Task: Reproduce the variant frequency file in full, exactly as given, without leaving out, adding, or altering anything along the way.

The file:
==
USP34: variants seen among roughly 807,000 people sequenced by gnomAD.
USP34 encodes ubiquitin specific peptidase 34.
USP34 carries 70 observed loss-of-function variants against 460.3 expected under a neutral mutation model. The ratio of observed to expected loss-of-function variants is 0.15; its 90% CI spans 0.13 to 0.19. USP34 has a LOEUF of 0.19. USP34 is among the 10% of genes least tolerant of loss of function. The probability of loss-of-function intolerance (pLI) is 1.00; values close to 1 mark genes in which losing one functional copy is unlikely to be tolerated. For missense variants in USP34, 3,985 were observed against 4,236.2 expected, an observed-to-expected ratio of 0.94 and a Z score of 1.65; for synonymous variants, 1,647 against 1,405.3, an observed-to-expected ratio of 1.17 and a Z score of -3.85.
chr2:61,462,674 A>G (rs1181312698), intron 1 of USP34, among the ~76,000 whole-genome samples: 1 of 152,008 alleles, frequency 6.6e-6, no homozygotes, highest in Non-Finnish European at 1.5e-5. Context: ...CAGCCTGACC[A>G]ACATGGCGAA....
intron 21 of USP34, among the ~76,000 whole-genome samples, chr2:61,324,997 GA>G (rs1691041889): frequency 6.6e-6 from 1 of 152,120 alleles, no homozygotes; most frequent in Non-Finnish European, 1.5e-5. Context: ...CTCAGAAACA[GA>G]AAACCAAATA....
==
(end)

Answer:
USP34: variants seen among roughly 807,000 people sequenced by gnomAD.
USP34 encodes ubiquitin specific peptidase 34.
USP34 carries 70 observed loss-of-function variants against 460.3 expected under a neutral mutation model. The ratio of observed to expected loss-of-function variants is 0.15; its 90% CI spans 0.13 to 0.19. USP34 has a LOEUF of 0.19. USP34 is among the 10% of genes least tolerant of loss of function. The probability of loss-of-function intolerance (pLI) is 1.00; values close to 1 mark genes in which losing one functional copy is unlikely to be tolerated. For missense variants in USP34, 3,985 were observed against 4,236.2 expected, an observed-to-expected ratio of 0.94 and a Z score of 1.65; for synonymous variants, 1,647 against 1,405.3, an observed-to-expected ratio of 1.17 and a Z score of -3.85.
chr2:61,462,674 A>G (rs1181312698), intron 1 of USP34, among the ~76,000 whole-genome samples: 1 of 152,008 alleles, frequency 6.6e-6, no homozygotes, highest in Non-Finnish European at 1.5e-5. Context: ...CAGCCTGACC[A>G]ACATGGCGAA....
intron 21 of USP34, among the ~76,000 whole-genome samples, chr2:61,324,997 GA>G (rs1691041889): frequency 6.6e-6 from 1 of 152,120 alleles, no homozygotes; most frequent in Non-Finnish European, 1.5e-5. Context: ...CTCAGAAACA[GA>G]AAACCAAATA....